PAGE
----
*Because the Browns trailed for a good portion of the game, the team pushed the running game to the side on Saturday. * There is no injury for Ben Tate. The Browns had planned to limit the 26-year-old's carries after two stellar showings against the Lions and Redskins. Terrance West didn't exactly tear it up against the stout St. Louis defensive front (seven carries, 17 yards). * Pettine revealed to reporters that Dion Lewis has firmly established himself as the Browns' third running back thus far. It's not automatic that he will hold onto that spot, but Lewis' shiftiness and home run hitting ability could pay dividends if the dreaded injury bug bites the Browns.
*Pettine inferred to reporters that the reason for some of Miles Austin's inconsistencies may stem from the Browns holding out the receiver during OTAs and minicamp. * "We wanted him to be comfortable and be at a point where he felt confident physically," said Pettine. He's playing catch up in camp, but we're confident we'll get there with Miles." * Things are a tad more concerning regarding Nate Burleson, who has yet to play in a preseason game because of a hamstring injury. * "He's missed so much time," said Pettine. "We still consider him day-to-day. I think we might get him back tomorrow for some individual work, but that remains to be seen." * The reason Josh Gordon didn't see the field against the Rams had nothing to do with punishment. Pettine isn't one to play games with players. He was doing what he thought was common sense and more importantly, best for the Browns. * "I wasn't sending a message," Pettine said. "Knowing that the decision is looming – that we're fairly certain that were not going to have him for a minimum of some part of the year – we wanted to make sure that we were getting repetitions with the guys that are going to be out there early." * Undrafted free agent is close to locking up a roster spot.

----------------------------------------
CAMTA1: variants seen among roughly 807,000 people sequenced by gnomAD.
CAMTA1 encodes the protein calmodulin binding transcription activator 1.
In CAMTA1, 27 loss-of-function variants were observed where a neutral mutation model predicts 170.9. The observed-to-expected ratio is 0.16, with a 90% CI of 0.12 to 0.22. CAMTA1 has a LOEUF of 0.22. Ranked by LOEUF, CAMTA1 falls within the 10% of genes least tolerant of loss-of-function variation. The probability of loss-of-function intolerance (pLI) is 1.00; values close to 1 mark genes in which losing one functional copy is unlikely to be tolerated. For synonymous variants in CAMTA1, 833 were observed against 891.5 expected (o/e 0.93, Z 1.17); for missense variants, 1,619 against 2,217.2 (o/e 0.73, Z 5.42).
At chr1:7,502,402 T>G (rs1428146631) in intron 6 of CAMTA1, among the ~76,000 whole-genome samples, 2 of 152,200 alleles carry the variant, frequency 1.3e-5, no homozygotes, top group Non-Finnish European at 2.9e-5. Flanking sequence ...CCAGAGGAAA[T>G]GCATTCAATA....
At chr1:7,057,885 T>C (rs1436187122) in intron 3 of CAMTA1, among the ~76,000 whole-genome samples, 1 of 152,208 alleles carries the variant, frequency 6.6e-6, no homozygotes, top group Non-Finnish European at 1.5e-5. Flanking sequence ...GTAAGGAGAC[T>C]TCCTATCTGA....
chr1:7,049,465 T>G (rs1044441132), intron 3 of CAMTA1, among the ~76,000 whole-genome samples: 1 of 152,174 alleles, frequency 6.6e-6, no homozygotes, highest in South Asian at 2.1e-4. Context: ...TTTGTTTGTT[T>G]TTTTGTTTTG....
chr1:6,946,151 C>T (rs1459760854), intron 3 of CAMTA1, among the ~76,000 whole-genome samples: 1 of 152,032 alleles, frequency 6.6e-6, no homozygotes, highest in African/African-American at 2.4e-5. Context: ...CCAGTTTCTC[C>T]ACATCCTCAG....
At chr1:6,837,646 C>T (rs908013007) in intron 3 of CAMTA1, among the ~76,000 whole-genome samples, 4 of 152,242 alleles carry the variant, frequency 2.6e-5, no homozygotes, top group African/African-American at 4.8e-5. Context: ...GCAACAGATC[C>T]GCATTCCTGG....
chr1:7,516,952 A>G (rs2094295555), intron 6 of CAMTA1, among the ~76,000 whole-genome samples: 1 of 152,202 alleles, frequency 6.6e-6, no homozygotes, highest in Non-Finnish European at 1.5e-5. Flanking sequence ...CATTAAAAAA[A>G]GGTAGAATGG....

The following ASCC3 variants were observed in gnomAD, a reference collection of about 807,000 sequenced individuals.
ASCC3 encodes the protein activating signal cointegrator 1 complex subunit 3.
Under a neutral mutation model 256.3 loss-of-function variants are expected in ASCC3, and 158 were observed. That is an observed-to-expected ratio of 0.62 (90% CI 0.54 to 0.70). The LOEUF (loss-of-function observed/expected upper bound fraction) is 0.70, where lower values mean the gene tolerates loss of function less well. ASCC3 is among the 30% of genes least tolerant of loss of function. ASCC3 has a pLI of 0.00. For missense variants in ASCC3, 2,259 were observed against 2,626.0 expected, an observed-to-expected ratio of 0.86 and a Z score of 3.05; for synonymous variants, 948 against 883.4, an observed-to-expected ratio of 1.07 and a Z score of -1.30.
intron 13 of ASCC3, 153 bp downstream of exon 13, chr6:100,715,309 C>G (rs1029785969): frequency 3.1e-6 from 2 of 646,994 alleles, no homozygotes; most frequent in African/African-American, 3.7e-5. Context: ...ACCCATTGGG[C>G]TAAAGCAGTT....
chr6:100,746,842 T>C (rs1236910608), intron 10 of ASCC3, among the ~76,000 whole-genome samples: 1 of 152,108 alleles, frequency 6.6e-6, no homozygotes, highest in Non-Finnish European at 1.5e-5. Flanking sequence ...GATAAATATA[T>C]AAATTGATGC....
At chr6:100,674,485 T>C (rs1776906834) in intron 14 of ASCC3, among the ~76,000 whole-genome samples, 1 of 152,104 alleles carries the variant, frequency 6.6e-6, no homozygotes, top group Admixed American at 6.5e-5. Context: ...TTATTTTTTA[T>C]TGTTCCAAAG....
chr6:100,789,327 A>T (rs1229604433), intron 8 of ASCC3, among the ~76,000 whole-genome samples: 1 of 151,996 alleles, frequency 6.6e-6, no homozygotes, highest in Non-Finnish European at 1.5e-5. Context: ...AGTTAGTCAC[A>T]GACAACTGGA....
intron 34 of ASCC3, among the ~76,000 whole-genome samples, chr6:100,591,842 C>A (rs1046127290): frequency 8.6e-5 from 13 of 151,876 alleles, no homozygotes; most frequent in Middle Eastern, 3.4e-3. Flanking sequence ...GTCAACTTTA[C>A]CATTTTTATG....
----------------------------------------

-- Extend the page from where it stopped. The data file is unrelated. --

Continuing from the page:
- Joe Thomas got beat for a sack. Joel Bitonio had two holding penalties. The Browns rushed for 32 yards on 15 carries.
- Pettine doesn't think the unit has regressed, hinting he saw better things on film from the Rams game as opposed to the Redskins. Because of how much communication is used on double teaming, the actual game reps are more meaningful to the offensive line than most.
- "We need live-game reps," said Pettine. "We've got to get to the point where – like I just mentioned – we're fully functional, that all 11 guys are on the same page doing their jobs. We still feel that we're definitely a work in progress, but we have a very true sense of urgency."